## Code

```
library(ChessOlympiad22)
library(rpart.plot)
library(tidymodels)
```

Chess

Trees

Machine Learning

Author

Francisco Cardozo

Published

December 1, 2022

The ELO rating system is a method used to calculate the relative skill levels of chess players, based on their game results. A higher ELO rating indicates a higher perceived skill level.

In this document, the ELO difference between two players is used to evaluate the probability of one player winning the match.

I will use the The ChessOlympiad package. It contains two datasets: `players`

and `results`

. The `players`

dataset contains the ELO ratings of all players participating in the 44th Chess Olympiad, which took place in Chennai, India, in 2022. The `results`

dataset contains the results of all matches played in the tournament.

First, let’s visualize the ELO distribution of the players.

It is important to filter out players with an ELO rating of zero from the analysis, as these players have not yet been rated and do not have a known skill level.

```
players |>
filter(rtg!=0) |>
ggplot(aes(rtg)) +
geom_histogram(bins=90,fill="gray90", alpha=0.85, color="gray95") +
scale_x_continuous(breaks = seq(1000,2900,150))+
theme_minimal() +
theme(axis.text.y = element_blank(),
panel.grid = element_blank()) +
labs(x="Elo Rating System (Higher values indicate greater player strength)",
y="",
title = "Elo Rating System of players in Chess Olympiad, 2022. Chennai, India ",
caption = "Magnus Carlsen has the highest Elo rating in the tournament: 2864") +
geom_text(data = players %>%
filter(rtg > 2800),
aes(x = 2550,
y = 4.5,
label = "Magnus Carlsen"),
size = 3,
color = "black") +
geom_curve(data = players %>% filter(rtg > 2800),
aes(x = 2700,
y = 4.4, xend = 2864.8,
yend = 1),
arrow = arrow(length = unit(0.3, "cm")),
color = "red",
linewidth = 0.5,
curvature = -0.5)
```

It may be interesting to plot the ELO ratings of players by federation, as the Chess Olympiad is played by national teams. By examining the ELO ratings of players within each federation, we can get a sense of the overall strength of the teams participating in the event. This analysis could potentially provide insight into the results of the Chess Olympiad and help predict the outcomes of matches.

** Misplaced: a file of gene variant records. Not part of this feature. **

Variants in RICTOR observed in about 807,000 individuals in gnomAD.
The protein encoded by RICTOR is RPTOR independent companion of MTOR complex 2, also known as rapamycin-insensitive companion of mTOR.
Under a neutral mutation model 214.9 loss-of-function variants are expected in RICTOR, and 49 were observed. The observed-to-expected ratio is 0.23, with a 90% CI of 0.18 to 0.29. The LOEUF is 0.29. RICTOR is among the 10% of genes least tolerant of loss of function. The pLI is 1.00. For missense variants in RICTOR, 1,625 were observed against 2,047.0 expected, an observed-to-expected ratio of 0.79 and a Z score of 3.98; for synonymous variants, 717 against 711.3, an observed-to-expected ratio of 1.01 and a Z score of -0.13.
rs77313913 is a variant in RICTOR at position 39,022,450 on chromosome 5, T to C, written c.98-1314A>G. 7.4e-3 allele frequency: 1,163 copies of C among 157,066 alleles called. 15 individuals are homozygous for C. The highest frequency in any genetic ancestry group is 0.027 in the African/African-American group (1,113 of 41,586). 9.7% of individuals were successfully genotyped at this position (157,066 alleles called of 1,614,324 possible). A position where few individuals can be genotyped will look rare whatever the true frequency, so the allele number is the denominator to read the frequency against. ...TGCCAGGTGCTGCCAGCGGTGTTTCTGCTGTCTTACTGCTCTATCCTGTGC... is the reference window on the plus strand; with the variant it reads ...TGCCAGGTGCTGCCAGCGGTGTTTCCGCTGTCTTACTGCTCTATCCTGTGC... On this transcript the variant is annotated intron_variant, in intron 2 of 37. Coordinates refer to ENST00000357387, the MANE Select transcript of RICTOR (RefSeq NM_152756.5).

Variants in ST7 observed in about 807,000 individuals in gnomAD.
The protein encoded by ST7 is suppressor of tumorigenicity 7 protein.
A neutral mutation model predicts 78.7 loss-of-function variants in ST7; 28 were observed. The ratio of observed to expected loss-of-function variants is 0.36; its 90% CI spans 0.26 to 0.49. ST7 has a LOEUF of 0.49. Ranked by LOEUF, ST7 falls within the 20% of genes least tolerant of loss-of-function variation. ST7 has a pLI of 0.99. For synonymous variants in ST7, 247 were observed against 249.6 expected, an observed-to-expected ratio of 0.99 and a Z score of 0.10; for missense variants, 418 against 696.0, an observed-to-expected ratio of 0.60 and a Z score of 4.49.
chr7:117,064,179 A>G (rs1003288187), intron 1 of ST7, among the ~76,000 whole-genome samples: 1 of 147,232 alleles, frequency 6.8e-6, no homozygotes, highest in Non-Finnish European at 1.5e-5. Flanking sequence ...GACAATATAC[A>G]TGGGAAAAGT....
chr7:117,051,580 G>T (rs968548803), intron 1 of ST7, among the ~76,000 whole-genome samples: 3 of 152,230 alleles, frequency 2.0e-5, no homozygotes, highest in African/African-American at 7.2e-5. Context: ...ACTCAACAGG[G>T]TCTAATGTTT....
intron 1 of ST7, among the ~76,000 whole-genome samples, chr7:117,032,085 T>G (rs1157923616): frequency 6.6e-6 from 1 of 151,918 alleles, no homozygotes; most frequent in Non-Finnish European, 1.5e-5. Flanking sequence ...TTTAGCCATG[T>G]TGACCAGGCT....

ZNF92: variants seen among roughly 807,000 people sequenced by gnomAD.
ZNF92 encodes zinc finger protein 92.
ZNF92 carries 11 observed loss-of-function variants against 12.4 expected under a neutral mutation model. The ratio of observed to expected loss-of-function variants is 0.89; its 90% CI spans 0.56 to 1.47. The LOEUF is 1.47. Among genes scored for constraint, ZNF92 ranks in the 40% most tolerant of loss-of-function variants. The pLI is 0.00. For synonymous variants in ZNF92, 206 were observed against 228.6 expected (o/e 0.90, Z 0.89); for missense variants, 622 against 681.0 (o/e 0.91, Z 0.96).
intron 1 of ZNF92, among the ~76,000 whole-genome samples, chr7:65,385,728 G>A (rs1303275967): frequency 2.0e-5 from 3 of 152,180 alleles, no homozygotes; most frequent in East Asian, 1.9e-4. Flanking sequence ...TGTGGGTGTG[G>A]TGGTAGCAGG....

According to ELO ratings, the United States fielded the strongest team in the tournament.

The Chess Olympiad followed a Swiss-style tournament, meaning that players are paired with opponents with similar scores in each round. Specifically, in the first round, the highest-ranked player is matched against the median-ranked player, followed by the second-highest ranked player against the next below median, and so forth.

A visual representation of the differences in ELO by round are presented in the following graph.

```
results |>
filter(elo_difference>=-1000,
elo_difference<=1000,
!is.na(elo_white), !is.na(elo_black), elo_white!=0,elo_black!=0) |>
ggplot(aes(as.numeric(elo_white),elo_difference,
fill=factor(result_white),
color=factor(result_white))) +
geom_point(shape = 21, alpha=0.85,
size = 3, stroke = 0.5) +
theme_minimal() +
scale_fill_manual(values=c("Lost"="black", "Draw"="gray50","Won"="white")) +
scale_color_manual(values=c("Lost"="black", "Draw"="black","Won"="black")) +
labs(fill="Result", color="Result",
x="Player Elo",
y="Elo difference",
caption = "Difference greater than zero indicates stronger player
44th Chess Olympiad. Chennai, 2022 Open") +
facet_wrap(~ round)
```

Now, let’s try to identify the optimal divisions in ELO rating differences that could potentially classify the outcomes of chess games. For this, I will be using the `tidymodels`

package to estimate a Classification and Regression Trees (CART) model.

I will add two steps in the recipe. One to filter the data set by round, and the other to convert results in a factor variable. I also will limit my analysis to players with more than 1600 in ELO.

Let’s estimate the model for the round 1.

Finally, I will create a tree showing the splits

According to the model, a difference of 12 in the ELO is sufficient to accurately predict the winner in 95% of cases and the loser in 91% of cases.

Now, let’s apply the model to the final round, which featured matches between the most formidable opponents.

I will add a the `tree_depth`

parameter to my model. The depth of the tree refers to the number of levels the tree has.

```
..y Dra Los Won cover
Draw [.45 .30 .25] when elo_difference is -176 to 85 51%
Draw [.55 .09 .36] when elo_difference >= 333 4%
Draw [.69 .15 .15] when elo_difference is 95 to 115 4%
Lost [.29 .61 .10] when elo_difference < -176 20%
Won [.10 .30 .60] when elo_difference is 85 to 95 3%
Won [.17 .20 .63] when elo_difference is 115 to 333 18%
```

The color-coding of the decision tree leaves suggests that differences in ELO ratings remain a critical factor, even in the final round of the chess tournament. It seems that the model is particularly adept at predicting outcomes when the ELO differences are substantial. For example, if you have more than 333 points in ELO, the model predicts 63% wining chances for you. However, if the ELO difference is less than 333 (but more than 115), the model predicts 55% of draw.

When the ELO difference is less than 115, the model’s predictions become more interesting. If a player has 176 points less than their opponent, the model is more likely to classify them as a loser (61%). However, if the ELO difference is less than 85 points, the player still has a good chance of winning the game. This could be seen as an indicator of the performance of some players with lower ELO ratings who are having a strong tournament. On the other hand, if the ELO difference is greater than 85 points, most of the chances are for a draw.

This serves as a quick demonstration of how the ChessOlympiad package can be utilized in predictive modeling.